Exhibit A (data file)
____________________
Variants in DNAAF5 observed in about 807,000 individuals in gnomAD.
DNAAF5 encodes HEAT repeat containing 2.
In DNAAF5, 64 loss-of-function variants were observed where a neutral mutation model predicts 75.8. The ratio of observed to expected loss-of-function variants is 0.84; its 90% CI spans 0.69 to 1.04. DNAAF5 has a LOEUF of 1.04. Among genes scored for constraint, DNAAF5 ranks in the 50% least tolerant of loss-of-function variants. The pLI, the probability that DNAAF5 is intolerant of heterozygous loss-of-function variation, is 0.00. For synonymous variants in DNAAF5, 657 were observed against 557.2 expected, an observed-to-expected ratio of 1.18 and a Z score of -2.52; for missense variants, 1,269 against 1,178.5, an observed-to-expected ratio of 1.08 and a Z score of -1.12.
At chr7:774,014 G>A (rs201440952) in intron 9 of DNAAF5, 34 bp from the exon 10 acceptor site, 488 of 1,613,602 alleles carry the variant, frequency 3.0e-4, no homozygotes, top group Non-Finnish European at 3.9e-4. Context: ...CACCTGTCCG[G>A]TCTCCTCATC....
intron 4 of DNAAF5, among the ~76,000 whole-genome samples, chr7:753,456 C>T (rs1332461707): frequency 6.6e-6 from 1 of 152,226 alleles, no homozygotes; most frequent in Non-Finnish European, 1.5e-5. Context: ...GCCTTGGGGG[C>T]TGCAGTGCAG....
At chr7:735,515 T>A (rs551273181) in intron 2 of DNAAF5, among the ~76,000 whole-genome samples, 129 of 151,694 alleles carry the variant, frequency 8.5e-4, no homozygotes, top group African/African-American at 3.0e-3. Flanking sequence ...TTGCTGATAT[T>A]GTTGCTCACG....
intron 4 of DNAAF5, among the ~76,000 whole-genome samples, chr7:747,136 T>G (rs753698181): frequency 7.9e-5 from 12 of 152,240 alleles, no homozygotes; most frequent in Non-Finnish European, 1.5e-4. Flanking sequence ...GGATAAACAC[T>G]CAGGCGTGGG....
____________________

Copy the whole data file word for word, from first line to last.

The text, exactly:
Variants in DNAAF5 observed in about 807,000 individuals in gnomAD.
DNAAF5 encodes HEAT repeat containing 2.
In DNAAF5, 64 loss-of-function variants were observed where a neutral mutation model predicts 75.8. The ratio of observed to expected loss-of-function variants is 0.84; its 90% CI spans 0.69 to 1.04. DNAAF5 has a LOEUF of 1.04. Among genes scored for constraint, DNAAF5 ranks in the 50% least tolerant of loss-of-function variants. The pLI, the probability that DNAAF5 is intolerant of heterozygous loss-of-function variation, is 0.00. For synonymous variants in DNAAF5, 657 were observed against 557.2 expected, an observed-to-expected ratio of 1.18 and a Z score of -2.52; for missense variants, 1,269 against 1,178.5, an observed-to-expected ratio of 1.08 and a Z score of -1.12.
At chr7:774,014 G>A (rs201440952) in intron 9 of DNAAF5, 34 bp from the exon 10 acceptor site, 488 of 1,613,602 alleles carry the variant, frequency 3.0e-4, no homozygotes, top group Non-Finnish European at 3.9e-4. Context: ...CACCTGTCCG[G>A]TCTCCTCATC....
intron 4 of DNAAF5, among the ~76,000 whole-genome samples, chr7:753,456 C>T (rs1332461707): frequency 6.6e-6 from 1 of 152,226 alleles, no homozygotes; most frequent in Non-Finnish European, 1.5e-5. Context: ...GCCTTGGGGG[C>T]TGCAGTGCAG....
At chr7:735,515 T>A (rs551273181) in intron 2 of DNAAF5, among the ~76,000 whole-genome samples, 129 of 151,694 alleles carry the variant, frequency 8.5e-4, no homozygotes, top group African/African-American at 3.0e-3. Flanking sequence ...TTGCTGATAT[T>A]GTTGCTCACG....
intron 4 of DNAAF5, among the ~76,000 whole-genome samples, chr7:747,136 T>G (rs753698181): frequency 7.9e-5 from 12 of 152,240 alleles, no homozygotes; most frequent in Non-Finnish European, 1.5e-4. Flanking sequence ...GGATAAACAC[T>G]CAGGCGTGGG....